War of the Rebellion: Serial 010 Page 0919 Chapter XXII. ATTACK ON CHATTANOOGA, TENN.

Search Civil War Official Records

JUNE 7-8, 1862.-Attack on Chattanooga, Tenn.


No. 1.-Major-General Ormsby M. Mitchel, U. S. Army.

No. 2.-Brig. Gen. James S. Negley, U. S. Army.

No. 3.-Col. Henry A. Hambright, Seventy-ninth Pennsylvania Infantry.

No. 4.-Major-General E. Kirby Smith, C. S. Army.

No. 1 Report of Major-General Ormsby M. Mitchel, U. S. Army.

HUNTSVILLE, ALA., June 10, 1862.

Yours received. The officers are ordered to remain on duty. The boat to cross locomotives will be ready on Friday. We are rebuilding the bridges on the Decatur and Nashville road; there remains a gap of 32 miles. The expedition to Chattanooga was a complete success. General Negley could not cross, but drove the rebels out of town, and General Kirby Smith came from Knoxville and was in the second day's fight. He brought with him sever or eight regiments, but they all left. General Negley is on the march to McMinnville, at which point the rebels are said to have a camp. An expedition under General Dumont will co-operate and will advance from Murfreesborough.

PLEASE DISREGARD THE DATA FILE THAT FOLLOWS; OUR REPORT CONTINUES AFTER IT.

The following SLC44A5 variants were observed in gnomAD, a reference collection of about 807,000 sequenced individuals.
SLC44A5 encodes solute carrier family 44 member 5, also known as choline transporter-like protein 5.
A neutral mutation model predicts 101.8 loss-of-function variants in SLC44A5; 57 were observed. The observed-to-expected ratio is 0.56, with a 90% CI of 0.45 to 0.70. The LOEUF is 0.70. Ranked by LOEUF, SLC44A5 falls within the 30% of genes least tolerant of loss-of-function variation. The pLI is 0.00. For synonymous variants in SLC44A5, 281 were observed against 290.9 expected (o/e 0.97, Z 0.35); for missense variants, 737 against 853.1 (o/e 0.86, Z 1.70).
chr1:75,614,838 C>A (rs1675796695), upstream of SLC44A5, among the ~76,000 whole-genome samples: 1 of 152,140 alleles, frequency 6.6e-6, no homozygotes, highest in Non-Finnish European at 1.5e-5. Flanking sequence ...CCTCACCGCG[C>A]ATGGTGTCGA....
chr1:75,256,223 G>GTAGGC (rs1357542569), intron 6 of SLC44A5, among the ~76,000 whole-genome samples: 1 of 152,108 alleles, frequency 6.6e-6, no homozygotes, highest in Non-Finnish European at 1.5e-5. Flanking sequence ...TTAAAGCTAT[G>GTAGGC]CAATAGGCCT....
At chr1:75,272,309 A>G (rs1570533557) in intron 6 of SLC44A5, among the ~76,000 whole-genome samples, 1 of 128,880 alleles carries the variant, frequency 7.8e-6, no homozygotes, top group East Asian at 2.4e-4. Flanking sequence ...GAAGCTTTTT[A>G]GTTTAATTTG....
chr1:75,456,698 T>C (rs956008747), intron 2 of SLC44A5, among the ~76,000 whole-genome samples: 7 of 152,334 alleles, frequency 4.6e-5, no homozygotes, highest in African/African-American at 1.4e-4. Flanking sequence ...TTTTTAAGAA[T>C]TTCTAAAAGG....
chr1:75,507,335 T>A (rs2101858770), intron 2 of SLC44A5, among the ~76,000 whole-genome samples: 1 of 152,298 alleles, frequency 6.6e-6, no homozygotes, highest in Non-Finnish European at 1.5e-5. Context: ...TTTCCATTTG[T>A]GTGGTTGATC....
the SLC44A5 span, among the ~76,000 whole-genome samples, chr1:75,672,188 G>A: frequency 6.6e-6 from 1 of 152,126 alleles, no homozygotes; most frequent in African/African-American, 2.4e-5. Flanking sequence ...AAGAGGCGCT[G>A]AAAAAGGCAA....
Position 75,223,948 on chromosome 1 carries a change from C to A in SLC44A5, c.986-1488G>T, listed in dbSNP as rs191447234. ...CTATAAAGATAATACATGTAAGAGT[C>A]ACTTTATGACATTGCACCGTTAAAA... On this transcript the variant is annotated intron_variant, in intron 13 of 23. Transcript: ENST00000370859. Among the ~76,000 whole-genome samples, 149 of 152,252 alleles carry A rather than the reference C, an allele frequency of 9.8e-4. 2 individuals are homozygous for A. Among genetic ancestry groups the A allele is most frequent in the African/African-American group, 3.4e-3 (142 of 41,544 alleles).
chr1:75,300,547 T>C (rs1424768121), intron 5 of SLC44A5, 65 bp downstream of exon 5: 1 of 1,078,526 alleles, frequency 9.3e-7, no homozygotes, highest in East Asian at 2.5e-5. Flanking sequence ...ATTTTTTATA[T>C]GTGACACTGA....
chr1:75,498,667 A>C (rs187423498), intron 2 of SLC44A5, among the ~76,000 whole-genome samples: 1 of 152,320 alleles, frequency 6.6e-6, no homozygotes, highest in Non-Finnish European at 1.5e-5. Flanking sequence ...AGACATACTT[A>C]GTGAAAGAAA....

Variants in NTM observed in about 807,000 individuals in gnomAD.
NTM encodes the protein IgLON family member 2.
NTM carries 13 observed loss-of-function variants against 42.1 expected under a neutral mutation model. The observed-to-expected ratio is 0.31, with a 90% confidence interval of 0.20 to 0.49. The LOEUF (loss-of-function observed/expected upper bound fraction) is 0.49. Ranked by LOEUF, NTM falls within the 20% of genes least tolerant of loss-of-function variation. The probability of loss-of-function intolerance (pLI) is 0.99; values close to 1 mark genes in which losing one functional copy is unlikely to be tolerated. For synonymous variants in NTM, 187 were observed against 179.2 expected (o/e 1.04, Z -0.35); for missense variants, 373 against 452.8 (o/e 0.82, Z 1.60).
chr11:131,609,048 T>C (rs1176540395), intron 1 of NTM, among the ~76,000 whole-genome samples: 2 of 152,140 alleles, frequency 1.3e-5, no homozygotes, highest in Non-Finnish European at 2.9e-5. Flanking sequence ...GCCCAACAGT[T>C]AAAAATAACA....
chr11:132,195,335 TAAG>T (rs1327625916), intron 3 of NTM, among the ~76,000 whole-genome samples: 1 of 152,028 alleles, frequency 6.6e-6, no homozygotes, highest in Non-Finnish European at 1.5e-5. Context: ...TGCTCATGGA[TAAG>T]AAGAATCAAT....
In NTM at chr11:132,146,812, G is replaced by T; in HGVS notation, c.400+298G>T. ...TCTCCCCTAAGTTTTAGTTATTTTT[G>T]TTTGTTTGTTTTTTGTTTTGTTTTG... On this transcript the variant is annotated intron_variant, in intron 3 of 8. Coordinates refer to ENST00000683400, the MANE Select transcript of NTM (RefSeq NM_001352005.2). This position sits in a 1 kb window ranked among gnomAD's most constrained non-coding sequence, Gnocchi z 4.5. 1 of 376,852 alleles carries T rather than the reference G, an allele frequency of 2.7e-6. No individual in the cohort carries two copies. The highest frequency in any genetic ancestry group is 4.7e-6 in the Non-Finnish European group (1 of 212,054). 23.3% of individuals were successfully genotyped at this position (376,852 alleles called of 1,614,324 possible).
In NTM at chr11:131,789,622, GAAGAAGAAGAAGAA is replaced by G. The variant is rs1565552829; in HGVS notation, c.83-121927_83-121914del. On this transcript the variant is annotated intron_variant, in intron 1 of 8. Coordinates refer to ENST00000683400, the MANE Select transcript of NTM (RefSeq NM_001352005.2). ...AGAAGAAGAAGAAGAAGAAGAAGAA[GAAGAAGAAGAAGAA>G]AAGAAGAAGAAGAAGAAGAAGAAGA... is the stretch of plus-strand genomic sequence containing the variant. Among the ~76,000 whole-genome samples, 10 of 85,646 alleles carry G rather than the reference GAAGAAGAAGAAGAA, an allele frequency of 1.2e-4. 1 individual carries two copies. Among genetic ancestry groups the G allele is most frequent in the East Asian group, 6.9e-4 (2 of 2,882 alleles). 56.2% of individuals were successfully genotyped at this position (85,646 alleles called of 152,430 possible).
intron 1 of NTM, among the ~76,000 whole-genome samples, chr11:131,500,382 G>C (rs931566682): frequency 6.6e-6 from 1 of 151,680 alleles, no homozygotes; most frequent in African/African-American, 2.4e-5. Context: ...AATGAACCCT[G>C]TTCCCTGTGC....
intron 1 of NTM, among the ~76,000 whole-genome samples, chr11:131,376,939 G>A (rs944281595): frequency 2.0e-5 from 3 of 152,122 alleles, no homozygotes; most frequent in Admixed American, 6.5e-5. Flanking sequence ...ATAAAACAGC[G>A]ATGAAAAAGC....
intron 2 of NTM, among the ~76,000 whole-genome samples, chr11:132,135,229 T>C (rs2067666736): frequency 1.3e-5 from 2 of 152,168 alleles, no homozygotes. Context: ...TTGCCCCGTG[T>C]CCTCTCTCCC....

Major-General HALLECK.

No. 2 Reports of Brig. Gen. James S. Negley, U. S. Army.

HEADQUARTERS U. S. FORCES, Before Chattanooga, Tenn., June 7, 1862-10 a.m.

SIR: Yesterday morning moved Colonel Sill's command direct to Shell Mound, to divert the enemy opposite that point; also prevent them from crossing. Colonel Sill found two pieces of artillery in position and opened upon it without reply. As I expected, they threw heavy re-enforcements to that point last night, expecting the attack to be made there. Colonel Scott and Captain Shaeffer's Pennsylvania cavalry were sent from Jasper by a path through the mountain, which resulted in surprising and capturing the enemy's pickets at the ferry and preventing the further retreat of Adams'

men over the river. My main force came by Anderson's road. Colonel Scribner's command is occupying an important point, which I omit alluding to, except by saying that it is for the benefit of Starnes and his cavalry, who are now at Altamont.

We captured a large number of rebel cavalry pickets and scouts; also a large quantity of contraband stores. The Union people are wild with joy, while the rebels are panic-stricken. Colonel Morgan is in Chattanooga; also General Adams. The enemy's force there is about 3,000, with ten pieces of artillery. The gunboat has not been heard from as yet; we are looking for it this morning. Two steamboats have left Chattanooga for Knoxville. We shall soon need supplies. Can we get them from Bellefonte or Stevenson? Will send you further news this evening.


Brigadier-General, Commanding.

General O. M. MITCHEL, Huntsville, Ala.